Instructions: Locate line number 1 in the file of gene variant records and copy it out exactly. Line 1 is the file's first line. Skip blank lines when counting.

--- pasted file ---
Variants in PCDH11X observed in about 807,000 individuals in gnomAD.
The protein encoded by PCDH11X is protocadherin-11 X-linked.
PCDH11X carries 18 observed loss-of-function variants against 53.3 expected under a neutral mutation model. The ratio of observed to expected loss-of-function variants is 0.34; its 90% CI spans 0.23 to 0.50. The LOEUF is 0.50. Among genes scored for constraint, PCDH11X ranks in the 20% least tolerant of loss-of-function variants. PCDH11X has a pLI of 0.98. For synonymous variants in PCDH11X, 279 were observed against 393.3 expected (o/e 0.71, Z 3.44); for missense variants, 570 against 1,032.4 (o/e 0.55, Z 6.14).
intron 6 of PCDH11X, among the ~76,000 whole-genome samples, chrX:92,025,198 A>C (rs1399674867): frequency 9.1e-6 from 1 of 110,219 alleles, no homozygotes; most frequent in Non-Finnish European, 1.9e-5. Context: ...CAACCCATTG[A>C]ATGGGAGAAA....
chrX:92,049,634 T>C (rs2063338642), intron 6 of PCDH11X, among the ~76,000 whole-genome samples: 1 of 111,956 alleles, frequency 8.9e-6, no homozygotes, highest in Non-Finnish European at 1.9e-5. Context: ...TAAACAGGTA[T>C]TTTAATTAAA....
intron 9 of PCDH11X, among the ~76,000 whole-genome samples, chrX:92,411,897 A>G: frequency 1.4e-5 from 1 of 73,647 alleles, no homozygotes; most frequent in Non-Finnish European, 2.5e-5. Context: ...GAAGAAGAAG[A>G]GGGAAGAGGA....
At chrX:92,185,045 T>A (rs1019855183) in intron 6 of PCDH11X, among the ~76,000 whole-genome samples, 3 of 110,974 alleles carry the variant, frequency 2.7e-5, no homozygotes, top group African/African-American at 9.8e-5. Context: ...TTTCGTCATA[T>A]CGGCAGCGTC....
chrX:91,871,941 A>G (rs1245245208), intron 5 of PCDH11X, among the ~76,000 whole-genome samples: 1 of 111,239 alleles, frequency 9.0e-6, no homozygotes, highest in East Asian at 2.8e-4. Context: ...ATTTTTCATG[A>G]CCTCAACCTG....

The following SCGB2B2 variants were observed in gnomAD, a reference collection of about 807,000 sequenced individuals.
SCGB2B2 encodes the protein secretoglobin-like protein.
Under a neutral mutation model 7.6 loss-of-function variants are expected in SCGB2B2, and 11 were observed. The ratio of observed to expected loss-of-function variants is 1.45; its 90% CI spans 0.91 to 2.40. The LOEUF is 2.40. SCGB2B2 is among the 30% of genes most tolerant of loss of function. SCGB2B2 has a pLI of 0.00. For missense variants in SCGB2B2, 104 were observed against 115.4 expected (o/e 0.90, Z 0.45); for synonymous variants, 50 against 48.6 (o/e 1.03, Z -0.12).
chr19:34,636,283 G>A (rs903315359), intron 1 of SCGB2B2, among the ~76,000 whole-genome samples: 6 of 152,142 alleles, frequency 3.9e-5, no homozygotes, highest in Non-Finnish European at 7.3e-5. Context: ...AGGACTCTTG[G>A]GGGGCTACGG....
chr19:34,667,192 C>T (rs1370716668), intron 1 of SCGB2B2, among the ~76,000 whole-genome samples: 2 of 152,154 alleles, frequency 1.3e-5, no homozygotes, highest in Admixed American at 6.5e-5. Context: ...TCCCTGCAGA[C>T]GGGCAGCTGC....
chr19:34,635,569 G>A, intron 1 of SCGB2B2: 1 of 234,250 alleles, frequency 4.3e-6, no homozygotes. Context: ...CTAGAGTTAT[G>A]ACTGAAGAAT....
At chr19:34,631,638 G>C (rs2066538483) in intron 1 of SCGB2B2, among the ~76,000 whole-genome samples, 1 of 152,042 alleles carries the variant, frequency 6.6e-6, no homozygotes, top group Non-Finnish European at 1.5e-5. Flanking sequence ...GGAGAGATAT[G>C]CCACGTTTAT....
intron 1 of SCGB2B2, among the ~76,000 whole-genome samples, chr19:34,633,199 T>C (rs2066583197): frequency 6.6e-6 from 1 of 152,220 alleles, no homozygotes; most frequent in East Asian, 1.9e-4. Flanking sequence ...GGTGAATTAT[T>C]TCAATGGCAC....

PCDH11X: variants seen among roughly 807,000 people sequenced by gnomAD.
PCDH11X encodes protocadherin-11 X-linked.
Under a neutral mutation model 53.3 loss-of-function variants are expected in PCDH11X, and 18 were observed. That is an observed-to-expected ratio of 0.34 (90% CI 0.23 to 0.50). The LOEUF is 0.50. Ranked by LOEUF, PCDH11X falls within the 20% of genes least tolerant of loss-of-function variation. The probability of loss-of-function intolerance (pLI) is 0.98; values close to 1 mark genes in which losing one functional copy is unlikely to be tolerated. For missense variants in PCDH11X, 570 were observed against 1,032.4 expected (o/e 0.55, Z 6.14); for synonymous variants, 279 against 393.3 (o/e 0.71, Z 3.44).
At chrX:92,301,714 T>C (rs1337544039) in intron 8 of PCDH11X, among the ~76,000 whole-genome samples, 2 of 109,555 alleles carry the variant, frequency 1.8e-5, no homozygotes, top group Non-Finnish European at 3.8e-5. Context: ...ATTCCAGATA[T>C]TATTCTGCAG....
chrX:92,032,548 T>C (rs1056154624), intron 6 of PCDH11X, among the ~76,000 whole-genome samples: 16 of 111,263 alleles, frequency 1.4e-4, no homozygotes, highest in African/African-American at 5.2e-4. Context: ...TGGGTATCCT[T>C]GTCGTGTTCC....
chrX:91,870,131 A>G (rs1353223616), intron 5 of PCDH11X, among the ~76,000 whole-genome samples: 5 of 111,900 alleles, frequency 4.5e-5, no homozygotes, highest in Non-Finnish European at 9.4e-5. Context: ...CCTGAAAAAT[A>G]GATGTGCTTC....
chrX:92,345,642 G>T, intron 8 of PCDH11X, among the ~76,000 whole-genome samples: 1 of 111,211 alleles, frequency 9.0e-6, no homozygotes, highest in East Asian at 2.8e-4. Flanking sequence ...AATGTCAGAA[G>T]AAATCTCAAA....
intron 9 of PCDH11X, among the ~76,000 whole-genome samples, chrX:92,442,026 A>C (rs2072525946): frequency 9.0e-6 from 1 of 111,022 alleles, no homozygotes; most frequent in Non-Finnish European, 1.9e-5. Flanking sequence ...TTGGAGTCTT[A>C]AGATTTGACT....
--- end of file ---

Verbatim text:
Variants in PCDH11X observed in about 807,000 individuals in gnomAD.